250 social workers join strike

At least 400 people, including 250 social workers, went on strike yesterday to demand retraction of the fugitive law amendment bill.

Cindy Wan and Phoenix Un

Tuesday, June 18, 2019

At least 400 people, including 250 social workers, went on strike yesterday to demand retraction of the fugitive law amendment bill.

Some protested outside the Legislative Council and were joined by small business operators and students boycotting classes.

Welfare workers and Labour Party lawmaker Fernando Cheung Chiu-hung protested at Southorn Playground in Wan Chai.

Cheung warned that the workers would continue their strike if police again used force to clear protesters.

He said those on strike would be offering assistance to young people who were emotionally affected by the death of a protester who fell from Pacific Place on Saturday. They will also advise young protesters on what to do if they are arrested.

Another 100 people joined a strike organized by the Hong Kong Confederation of Trade Unions whose chairwoman, Carol Ng Man-yee, led a minute's silence to pay respect to the protester who died.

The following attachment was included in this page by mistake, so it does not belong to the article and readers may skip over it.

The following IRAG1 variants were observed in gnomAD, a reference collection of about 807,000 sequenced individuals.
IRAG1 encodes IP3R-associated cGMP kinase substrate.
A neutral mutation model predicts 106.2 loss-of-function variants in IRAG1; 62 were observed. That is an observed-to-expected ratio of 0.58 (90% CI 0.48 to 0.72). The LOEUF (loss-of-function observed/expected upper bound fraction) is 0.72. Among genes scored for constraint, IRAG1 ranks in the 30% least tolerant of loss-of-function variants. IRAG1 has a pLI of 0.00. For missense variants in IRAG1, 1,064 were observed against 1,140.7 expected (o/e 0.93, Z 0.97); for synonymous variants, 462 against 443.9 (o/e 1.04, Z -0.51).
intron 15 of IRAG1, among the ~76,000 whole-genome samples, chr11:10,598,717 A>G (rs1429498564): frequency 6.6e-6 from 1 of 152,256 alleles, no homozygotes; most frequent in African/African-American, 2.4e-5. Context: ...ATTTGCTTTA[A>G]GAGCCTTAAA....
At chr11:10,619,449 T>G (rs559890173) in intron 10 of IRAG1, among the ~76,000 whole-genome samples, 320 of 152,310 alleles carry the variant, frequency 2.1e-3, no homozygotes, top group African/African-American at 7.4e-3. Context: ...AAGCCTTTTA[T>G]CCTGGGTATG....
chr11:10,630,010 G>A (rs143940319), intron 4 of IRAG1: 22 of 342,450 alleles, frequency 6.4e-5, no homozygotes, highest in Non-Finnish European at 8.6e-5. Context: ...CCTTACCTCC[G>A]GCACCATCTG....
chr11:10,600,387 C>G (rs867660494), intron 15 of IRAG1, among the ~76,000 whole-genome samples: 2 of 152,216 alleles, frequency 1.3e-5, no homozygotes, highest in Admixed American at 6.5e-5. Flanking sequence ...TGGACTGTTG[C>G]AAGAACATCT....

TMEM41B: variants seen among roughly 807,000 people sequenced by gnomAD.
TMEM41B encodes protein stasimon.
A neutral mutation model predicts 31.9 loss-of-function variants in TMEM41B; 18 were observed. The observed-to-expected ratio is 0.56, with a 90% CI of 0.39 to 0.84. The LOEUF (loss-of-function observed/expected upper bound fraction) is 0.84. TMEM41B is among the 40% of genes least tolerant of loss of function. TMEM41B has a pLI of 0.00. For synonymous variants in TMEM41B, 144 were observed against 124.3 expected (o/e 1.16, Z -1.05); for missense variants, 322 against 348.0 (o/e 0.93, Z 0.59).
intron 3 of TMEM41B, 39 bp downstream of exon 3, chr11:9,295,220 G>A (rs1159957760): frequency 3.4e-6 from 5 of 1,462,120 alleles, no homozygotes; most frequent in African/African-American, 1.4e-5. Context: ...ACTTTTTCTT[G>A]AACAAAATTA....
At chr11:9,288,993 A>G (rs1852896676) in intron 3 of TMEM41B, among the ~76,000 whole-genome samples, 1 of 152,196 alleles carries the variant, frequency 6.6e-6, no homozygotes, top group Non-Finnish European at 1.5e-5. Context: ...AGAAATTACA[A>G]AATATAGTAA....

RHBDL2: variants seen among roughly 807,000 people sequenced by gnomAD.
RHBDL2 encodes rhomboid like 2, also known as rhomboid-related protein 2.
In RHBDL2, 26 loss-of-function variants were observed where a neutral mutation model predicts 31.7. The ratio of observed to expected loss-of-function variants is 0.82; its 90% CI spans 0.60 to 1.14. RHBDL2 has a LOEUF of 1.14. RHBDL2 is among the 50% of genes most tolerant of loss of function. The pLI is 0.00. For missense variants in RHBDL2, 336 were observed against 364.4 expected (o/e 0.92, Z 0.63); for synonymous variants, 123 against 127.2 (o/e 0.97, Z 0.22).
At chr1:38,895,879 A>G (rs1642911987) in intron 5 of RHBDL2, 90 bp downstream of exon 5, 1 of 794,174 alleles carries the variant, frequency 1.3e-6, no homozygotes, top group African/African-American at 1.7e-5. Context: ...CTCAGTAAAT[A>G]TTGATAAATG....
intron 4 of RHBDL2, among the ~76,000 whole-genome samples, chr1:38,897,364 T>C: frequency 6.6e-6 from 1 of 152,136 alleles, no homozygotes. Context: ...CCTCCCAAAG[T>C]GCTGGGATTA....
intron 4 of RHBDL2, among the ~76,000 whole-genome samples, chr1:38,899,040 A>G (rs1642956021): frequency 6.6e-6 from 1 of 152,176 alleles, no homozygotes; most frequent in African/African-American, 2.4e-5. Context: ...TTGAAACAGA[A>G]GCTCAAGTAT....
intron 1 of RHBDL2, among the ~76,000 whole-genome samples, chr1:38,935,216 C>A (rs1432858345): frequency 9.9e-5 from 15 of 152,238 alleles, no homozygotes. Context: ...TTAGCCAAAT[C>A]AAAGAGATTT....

An office clerk said he was not worried about retaliation from his employer, adding that if Hong Kong was damaged by the amendment he would no longer have a stable job.

People from other trades joined protesters outside Legco.

A woman, surnamed Lee, who owns a wedding service company said she had stopped doing business and stayed overnight at the protest zone outside Legco.

She would stay until Carrie Lam withdrew the bill, dropped charges against the protesters and stepped down.

Two university students, Chan and Lam skipped their summer internship to join protests on Tim Wah Avenue.

Lam said the chief executive's apology did not meet any of the demands made by protesters -- and she did not mention the one who died.

"She did not withdraw the bill, she did not apologize to the injured protesters and she did not blame the police for any of their wrongdoings," she said.

She added that she would try her best to join protests every day until the chief executive responded to demands.

Meanwhile, Hong Kong Professional Teachers' Union has started a petition asking Secretary for Education Kevin Yeung Yun-hung to retract a letter sent to headmasters on June 13.

In the letter, Yeung asked schools to take action against teachers who failed to attend classes without approval.

The petition asked him to stop measures intimidating teachers who went on strike to support the protest.